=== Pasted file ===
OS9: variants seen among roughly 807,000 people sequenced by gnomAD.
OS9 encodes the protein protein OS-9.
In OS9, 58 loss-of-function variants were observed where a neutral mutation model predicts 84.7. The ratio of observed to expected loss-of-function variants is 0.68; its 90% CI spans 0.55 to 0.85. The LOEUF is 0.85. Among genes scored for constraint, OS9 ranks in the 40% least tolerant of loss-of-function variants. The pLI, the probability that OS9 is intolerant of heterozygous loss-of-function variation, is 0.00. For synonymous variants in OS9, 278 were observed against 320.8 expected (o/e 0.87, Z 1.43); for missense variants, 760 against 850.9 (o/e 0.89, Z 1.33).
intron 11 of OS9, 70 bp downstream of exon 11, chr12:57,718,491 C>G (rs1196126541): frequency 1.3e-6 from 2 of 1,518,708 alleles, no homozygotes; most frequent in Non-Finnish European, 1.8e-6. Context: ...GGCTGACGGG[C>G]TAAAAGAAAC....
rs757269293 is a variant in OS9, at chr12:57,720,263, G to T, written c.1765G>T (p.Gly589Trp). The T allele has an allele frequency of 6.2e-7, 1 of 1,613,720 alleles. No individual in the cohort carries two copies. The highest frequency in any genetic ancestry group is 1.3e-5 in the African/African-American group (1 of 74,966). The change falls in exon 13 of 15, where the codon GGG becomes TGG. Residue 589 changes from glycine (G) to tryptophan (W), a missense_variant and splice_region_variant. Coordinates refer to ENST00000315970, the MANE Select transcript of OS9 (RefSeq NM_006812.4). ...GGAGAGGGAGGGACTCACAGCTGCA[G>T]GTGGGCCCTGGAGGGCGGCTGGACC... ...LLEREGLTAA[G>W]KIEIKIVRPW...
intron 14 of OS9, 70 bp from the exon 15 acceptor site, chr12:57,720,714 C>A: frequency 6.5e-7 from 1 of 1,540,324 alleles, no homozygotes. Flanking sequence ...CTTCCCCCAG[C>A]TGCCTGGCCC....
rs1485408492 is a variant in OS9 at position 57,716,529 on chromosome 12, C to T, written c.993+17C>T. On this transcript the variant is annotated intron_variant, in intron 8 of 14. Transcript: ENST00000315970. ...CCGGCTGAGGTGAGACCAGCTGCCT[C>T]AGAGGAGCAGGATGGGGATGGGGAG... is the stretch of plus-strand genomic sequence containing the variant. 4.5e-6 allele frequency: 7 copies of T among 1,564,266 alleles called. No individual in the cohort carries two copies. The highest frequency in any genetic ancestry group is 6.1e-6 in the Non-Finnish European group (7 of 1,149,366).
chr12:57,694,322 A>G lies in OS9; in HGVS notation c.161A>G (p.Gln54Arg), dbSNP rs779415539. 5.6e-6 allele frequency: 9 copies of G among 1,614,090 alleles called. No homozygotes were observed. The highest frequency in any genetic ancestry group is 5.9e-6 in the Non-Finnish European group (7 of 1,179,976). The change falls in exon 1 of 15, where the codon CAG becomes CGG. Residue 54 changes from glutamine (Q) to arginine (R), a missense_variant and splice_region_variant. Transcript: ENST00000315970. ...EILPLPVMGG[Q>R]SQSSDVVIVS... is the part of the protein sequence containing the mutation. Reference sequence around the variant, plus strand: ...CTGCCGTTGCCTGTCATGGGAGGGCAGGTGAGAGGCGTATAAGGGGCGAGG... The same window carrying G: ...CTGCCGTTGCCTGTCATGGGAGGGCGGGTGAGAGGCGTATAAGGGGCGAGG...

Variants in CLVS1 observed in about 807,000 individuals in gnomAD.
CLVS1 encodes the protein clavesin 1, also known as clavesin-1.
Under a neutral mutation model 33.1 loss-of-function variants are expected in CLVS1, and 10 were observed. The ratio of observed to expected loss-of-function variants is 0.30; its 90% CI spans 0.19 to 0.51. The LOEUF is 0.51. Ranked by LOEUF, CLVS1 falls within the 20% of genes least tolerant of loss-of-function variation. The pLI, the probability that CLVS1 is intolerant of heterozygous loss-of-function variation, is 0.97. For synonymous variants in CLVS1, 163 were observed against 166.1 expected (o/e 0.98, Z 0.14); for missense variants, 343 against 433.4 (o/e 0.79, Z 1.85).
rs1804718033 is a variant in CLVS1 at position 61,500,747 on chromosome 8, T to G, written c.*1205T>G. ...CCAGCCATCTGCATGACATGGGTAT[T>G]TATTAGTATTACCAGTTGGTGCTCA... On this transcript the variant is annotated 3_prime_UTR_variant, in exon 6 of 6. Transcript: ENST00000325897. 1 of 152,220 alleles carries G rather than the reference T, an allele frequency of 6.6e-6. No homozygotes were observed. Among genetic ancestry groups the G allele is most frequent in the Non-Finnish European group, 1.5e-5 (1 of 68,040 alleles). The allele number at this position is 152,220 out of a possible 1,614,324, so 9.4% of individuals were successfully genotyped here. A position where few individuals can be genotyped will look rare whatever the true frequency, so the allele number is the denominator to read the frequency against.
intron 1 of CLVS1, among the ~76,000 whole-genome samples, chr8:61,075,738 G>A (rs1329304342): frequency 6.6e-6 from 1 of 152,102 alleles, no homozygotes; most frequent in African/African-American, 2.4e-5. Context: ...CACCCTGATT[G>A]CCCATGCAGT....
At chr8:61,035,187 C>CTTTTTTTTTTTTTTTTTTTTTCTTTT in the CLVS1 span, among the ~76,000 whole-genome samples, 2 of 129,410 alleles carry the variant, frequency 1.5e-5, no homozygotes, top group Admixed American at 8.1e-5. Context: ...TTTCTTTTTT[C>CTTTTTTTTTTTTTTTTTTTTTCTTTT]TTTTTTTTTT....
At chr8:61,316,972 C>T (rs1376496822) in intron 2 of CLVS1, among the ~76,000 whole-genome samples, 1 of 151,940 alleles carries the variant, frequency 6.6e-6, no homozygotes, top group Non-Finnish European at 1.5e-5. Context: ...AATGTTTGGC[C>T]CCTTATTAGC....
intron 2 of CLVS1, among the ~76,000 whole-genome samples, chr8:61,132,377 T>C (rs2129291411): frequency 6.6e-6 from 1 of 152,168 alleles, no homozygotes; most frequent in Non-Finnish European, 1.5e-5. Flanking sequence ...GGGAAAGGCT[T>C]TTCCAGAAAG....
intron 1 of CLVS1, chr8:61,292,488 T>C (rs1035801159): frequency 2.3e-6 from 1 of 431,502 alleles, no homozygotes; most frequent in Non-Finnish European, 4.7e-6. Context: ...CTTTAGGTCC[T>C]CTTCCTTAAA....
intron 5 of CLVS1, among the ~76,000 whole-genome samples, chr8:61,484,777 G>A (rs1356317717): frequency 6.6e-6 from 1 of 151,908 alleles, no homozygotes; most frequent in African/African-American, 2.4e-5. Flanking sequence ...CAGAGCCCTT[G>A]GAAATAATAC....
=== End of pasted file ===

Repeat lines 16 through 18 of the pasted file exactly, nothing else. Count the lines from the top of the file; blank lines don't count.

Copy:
intron 2 of CLVS1, among the ~76,000 whole-genome samples, chr8:61,132,377 T>C (rs2129291411): frequency 6.6e-6 from 1 of 152,168 alleles, no homozygotes; most frequent in Non-Finnish European, 1.5e-5. Flanking sequence ...GGGAAAGGCT[T>C]TTCCAGAAAG....
intron 1 of CLVS1, chr8:61,292,488 T>C (rs1035801159): frequency 2.3e-6 from 1 of 431,502 alleles, no homozygotes; most frequent in Non-Finnish European, 4.7e-6. Context: ...CTTTAGGTCC[T>C]CTTCCTTAAA....
intron 5 of CLVS1, among the ~76,000 whole-genome samples, chr8:61,484,777 G>A (rs1356317717): frequency 6.6e-6 from 1 of 151,908 alleles, no homozygotes; most frequent in African/African-American, 2.4e-5. Flanking sequence ...CAGAGCCCTT[G>A]GAAATAATAC....